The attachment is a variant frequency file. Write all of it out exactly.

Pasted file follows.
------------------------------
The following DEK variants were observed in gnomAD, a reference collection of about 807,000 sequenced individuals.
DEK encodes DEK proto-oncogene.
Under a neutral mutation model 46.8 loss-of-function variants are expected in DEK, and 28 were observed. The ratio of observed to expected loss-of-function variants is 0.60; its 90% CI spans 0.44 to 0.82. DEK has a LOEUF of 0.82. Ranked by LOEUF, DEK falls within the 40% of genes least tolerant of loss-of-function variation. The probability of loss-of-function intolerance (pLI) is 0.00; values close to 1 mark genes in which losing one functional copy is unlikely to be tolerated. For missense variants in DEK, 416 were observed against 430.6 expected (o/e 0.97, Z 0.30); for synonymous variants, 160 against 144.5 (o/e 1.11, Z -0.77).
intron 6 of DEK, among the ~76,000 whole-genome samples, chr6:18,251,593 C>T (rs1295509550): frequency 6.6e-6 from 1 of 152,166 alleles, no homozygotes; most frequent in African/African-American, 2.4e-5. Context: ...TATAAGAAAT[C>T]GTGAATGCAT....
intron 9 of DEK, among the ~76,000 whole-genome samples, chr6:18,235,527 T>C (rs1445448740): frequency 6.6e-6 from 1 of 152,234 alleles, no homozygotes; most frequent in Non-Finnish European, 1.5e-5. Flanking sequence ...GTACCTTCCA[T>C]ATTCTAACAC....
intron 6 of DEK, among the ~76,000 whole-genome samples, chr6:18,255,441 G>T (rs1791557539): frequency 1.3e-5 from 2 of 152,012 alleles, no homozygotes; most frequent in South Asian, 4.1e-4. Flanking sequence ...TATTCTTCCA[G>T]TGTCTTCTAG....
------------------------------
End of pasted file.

The following DEK variants were observed in gnomAD, a reference collection of about 807,000 sequenced individuals.
DEK encodes DEK proto-oncogene.
Under a neutral mutation model 46.8 loss-of-function variants are expected in DEK, and 28 were observed. The ratio of observed to expected loss-of-function variants is 0.60; its 90% CI spans 0.44 to 0.82. DEK has a LOEUF of 0.82. Ranked by LOEUF, DEK falls within the 40% of genes least tolerant of loss-of-function variation. The probability of loss-of-function intolerance (pLI) is 0.00; values close to 1 mark genes in which losing one functional copy is unlikely to be tolerated. For missense variants in DEK, 416 were observed against 430.6 expected (o/e 0.97, Z 0.30); for synonymous variants, 160 against 144.5 (o/e 1.11, Z -0.77).
intron 6 of DEK, among the ~76,000 whole-genome samples, chr6:18,251,593 C>T (rs1295509550): frequency 6.6e-6 from 1 of 152,166 alleles, no homozygotes; most frequent in African/African-American, 2.4e-5. Context: ...TATAAGAAAT[C>T]GTGAATGCAT....
intron 9 of DEK, among the ~76,000 whole-genome samples, chr6:18,235,527 T>C (rs1445448740): frequency 6.6e-6 from 1 of 152,234 alleles, no homozygotes; most frequent in Non-Finnish European, 1.5e-5. Flanking sequence ...GTACCTTCCA[T>C]ATTCTAACAC....
intron 6 of DEK, among the ~76,000 whole-genome samples, chr6:18,255,441 G>T (rs1791557539): frequency 1.3e-5 from 2 of 152,012 alleles, no homozygotes; most frequent in South Asian, 4.1e-4. Flanking sequence ...TATTCTTCCA[G>T]TGTCTTCTAG....